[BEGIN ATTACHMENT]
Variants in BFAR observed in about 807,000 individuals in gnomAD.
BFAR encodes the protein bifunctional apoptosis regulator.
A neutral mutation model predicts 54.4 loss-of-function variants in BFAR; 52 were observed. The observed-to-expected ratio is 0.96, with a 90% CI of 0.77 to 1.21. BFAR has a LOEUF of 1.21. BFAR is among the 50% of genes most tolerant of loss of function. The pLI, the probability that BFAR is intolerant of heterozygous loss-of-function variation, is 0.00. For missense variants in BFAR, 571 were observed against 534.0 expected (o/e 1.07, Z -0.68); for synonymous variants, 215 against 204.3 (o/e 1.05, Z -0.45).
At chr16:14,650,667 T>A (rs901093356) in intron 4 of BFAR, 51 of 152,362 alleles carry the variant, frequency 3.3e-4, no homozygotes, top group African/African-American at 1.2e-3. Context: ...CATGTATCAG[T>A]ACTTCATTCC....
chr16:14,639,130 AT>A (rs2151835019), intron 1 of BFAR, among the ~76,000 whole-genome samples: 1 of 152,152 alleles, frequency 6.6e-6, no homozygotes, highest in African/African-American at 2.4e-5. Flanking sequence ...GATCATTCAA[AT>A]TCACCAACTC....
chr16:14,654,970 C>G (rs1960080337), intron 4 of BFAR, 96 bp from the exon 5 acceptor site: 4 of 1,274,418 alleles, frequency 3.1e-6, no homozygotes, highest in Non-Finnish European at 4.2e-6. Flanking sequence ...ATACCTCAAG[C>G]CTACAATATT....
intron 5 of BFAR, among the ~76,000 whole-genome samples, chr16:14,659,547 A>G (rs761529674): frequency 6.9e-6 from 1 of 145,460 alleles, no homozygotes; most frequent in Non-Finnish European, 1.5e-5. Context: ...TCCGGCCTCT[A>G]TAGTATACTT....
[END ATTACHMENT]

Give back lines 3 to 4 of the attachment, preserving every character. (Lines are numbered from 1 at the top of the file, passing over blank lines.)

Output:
A neutral mutation model predicts 54.4 loss-of-function variants in BFAR; 52 were observed. The observed-to-expected ratio is 0.96, with a 90% CI of 0.77 to 1.21. BFAR has a LOEUF of 1.21. BFAR is among the 50% of genes most tolerant of loss of function. The pLI, the probability that BFAR is intolerant of heterozygous loss-of-function variation, is 0.00. For missense variants in BFAR, 571 were observed against 534.0 expected (o/e 1.07, Z -0.68); for synonymous variants, 215 against 204.3 (o/e 1.05, Z -0.45).
At chr16:14,650,667 T>A (rs901093356) in intron 4 of BFAR, 51 of 152,362 alleles carry the variant, frequency 3.3e-4, no homozygotes, top group African/African-American at 1.2e-3. Context: ...CATGTATCAG[T>A]ACTTCATTCC....